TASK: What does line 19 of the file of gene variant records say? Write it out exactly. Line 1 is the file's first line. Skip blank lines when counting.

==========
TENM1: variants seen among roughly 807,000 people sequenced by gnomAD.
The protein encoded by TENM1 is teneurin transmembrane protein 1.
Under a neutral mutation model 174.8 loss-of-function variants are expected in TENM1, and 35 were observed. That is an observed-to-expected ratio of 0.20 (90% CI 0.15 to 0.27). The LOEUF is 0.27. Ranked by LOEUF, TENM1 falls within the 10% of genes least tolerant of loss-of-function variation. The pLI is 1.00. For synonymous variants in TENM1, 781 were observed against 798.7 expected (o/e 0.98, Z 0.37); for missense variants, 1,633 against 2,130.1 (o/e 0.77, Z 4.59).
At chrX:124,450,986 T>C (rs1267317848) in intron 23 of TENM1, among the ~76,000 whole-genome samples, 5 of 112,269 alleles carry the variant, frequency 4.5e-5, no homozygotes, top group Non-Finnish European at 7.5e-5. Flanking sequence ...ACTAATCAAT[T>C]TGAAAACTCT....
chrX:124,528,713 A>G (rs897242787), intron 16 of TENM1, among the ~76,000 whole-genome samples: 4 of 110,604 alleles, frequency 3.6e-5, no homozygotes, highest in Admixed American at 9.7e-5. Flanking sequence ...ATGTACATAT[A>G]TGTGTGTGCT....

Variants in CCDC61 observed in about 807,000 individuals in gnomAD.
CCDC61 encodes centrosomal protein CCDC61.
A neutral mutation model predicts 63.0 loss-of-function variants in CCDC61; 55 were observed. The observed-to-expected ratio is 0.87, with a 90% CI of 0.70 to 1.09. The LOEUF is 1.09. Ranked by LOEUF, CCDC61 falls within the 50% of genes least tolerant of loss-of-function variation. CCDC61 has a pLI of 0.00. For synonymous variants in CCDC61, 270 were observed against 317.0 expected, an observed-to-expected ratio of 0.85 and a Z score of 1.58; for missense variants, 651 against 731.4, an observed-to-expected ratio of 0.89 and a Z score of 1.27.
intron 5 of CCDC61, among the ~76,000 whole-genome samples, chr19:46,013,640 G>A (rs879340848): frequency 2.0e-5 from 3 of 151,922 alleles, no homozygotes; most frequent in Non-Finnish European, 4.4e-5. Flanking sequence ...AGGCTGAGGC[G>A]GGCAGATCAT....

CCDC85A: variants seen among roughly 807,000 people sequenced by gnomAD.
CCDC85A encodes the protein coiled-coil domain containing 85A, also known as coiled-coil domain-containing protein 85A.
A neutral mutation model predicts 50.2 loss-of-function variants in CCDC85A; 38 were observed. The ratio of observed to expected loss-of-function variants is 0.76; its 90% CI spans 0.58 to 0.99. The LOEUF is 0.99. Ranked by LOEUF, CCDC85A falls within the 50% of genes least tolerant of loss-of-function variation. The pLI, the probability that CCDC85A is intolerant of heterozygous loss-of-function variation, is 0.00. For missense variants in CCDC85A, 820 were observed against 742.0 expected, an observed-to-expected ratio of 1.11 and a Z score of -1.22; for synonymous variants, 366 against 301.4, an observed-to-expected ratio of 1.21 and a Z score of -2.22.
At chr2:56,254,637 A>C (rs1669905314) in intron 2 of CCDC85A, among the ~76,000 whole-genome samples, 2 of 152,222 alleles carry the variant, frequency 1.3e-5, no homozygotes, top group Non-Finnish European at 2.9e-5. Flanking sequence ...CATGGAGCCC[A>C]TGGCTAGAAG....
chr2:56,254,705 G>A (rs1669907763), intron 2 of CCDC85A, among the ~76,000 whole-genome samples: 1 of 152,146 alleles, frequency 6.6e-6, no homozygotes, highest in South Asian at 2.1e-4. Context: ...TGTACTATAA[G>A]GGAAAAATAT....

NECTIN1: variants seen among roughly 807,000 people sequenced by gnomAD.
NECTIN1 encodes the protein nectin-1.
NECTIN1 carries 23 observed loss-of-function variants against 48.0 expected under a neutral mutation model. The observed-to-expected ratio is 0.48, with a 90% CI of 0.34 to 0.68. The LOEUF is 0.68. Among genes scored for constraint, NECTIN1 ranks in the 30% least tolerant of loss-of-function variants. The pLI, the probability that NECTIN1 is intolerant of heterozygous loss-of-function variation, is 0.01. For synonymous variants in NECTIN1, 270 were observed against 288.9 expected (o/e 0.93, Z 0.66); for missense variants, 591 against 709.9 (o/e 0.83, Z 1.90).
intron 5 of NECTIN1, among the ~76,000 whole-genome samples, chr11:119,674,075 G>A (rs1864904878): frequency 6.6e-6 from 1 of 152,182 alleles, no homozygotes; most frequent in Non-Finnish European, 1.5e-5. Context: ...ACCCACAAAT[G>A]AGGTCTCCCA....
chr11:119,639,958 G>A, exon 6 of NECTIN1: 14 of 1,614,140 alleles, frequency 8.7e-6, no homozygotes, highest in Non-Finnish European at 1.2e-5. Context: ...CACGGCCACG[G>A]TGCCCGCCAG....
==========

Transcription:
chr11:119,639,958 G>A, exon 6 of NECTIN1: 14 of 1,614,140 alleles, frequency 8.7e-6, no homozygotes, highest in Non-Finnish European at 1.2e-5. Context: ...CACGGCCACG[G>A]TGCCCGCCAG....